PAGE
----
When you have youngsters from interfaith families at your seder table, it can’t help but up the Passover ante.
Maybe you are the kids’ auntie, or their grandparent, cousin, neighbor or friend. And maybe, just maybe, you’re their parent. Whatever your relationship, what you need to know is that this may be the first seder these children have ever attended. You are in the driver’s seat, having been given this precious opportunity to make sure it won’t be the last.
The entire purpose of the seder is to inspire the next generation with the drama of the defining moment when God set us free after 210 bitter years of Egyptian slavery — and to do it in a highly memorable way. That’s not to say you’ll need to don the costumes of Moses, Miriam and the Pharaoh (more on that later) and act out the Exodus. But it does mean that, for many of these kids, your seder will go down in their memory as the definition of what a seder is. So, you want it to have lasting impact. And that takes a little planning, so…
Plant the Seeds. Why not drop off (or if they live at a distance, pop into the mail) a copy of the Haggadah you’ll be using? Note: if the kids don’t know Hebrew, it helps if the songs are transliterated. Encourage the parents to teach the Four Questions to their offspring. For a refresher on the tune, visit YouTube and search for “Four Questions” to play the Shalom Sesame video. You can also ask all of the children to bring a picture they’ve drawn of something they’re looking forward to at the seder.
Play Hide-and-Go-Seek the Afikomen Way. Some families’ tradition calls for the leader to stash the precious bit of matzoh in a fiendishly clever kid-proof hiding place. Others allow the younger guests to squirrel it away, which turns into a game of wits as the kids team up to outsmart the adults. Either way, remember to have a special “prize” handy for redeeming this important ritual dessert.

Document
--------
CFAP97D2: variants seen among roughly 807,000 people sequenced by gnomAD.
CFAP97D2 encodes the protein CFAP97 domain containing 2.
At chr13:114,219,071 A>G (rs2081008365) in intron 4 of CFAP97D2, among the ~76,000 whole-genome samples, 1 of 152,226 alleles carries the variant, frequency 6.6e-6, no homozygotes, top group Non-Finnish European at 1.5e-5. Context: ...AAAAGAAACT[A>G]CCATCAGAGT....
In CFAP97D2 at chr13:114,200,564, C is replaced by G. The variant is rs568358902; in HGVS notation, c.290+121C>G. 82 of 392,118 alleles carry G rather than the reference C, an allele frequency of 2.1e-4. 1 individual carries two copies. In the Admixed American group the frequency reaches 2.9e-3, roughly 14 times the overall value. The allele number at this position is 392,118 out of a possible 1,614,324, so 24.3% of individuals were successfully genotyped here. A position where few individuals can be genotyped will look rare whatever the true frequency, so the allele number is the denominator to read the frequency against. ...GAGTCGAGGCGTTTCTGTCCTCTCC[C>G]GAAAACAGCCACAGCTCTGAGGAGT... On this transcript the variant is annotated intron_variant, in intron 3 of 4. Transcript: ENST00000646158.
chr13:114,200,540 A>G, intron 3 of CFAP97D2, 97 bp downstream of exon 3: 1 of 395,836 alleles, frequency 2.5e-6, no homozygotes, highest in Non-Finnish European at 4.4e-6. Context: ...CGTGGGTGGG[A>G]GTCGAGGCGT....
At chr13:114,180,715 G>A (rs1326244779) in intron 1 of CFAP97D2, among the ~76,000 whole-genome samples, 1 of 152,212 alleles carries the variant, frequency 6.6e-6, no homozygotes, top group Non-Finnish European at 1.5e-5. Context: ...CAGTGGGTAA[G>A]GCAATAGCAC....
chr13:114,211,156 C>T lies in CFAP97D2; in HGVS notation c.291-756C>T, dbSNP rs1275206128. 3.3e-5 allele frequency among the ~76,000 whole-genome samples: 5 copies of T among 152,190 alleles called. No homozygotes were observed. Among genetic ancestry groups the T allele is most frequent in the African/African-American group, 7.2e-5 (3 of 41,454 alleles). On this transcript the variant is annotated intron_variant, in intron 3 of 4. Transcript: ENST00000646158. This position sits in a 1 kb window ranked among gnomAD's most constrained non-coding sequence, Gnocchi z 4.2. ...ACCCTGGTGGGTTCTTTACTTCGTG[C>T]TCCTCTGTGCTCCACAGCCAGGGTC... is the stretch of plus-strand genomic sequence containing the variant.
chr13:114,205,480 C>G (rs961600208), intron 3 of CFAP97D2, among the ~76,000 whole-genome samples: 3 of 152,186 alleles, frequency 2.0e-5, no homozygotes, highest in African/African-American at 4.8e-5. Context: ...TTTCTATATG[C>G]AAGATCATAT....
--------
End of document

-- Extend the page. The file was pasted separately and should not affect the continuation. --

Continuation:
Let Those Special Passover Foods Talk. Charoset resembles the bricks we were forced to make, and then build Egyptian cities with. Hot horseradish, for the suffering of slavery. Salt water, reminding us of our people’s bitter tears as we pleaded with God to set us free. Don’t just provide the necessary food items, take the children through what they represent. Seders wrote the book on multi-sensory learning as we literally eat the story of our freedom.
Keep the Noshes Flowing. Speaking of food (this being, after all, a Jewish holiday), since it can be a long dry spell until the meal is served, you’ll be investing in the kids’ cheerful dispositions — and their parents’ gratitude — if you keep a bowl of carrot sticks and dip or nuts at the table.
Why Stop at Four? As in questions, not cups of wine. Encourage each child who’s old enough to ask at least one question of his or her own. And then answer them patiently, honestly and with respect. This can turn into a lively game of “Stump the Leader,” as you issue a friendly challenge to the kids (and adults, too) to try to ask a Passover question you can’t answer.
Give it Over Simply. The traditional Haggadah tells the story of our people’s release from Egyptian slavery in the roundabout way we have come to love over the years. But, let’s face it: Simple it ain’t. Helping lend drama and fun to the telling are the pre-packaged plague bags (filled with small tchotchkes, each representing a plague) and assorted collections of plague masks and puppets. These have gained popularity for a reason: They work, delighting the youngsters and keeping them engaged. You may also want to have some scarves and sheets handy for dressing up as the key players in the Passover story so that, during the telling, the kids (and grown-ups who’ve had enough Manischewitz) can play a role.
Pass the Baby Moses. Wrap an ordinary doll in a towel fastened by a safety pin and voila! It’s Baby Moses. Give each child a turn to take care of him as you tell the story of his dramatic rescue by three heroic women — his mother Yocheved, big sister Miriam, and Egyptian princess Batya.
Sing it Loud, Sing It Proud. No seder is complete with rousing (and typically off-key) renditions of such traditional favorites as, Eliyahu Hanavi, Chad Gadyah, Adir Hu and Dayenu. The latter is a perfect opportunity to explain how grateful we are to God for each and every gift given us, even those we often take for granted. Again, if your Haggadah doesn’t have transliterations, here’s where an Internet search can prove useful in compiling song sheets to print out.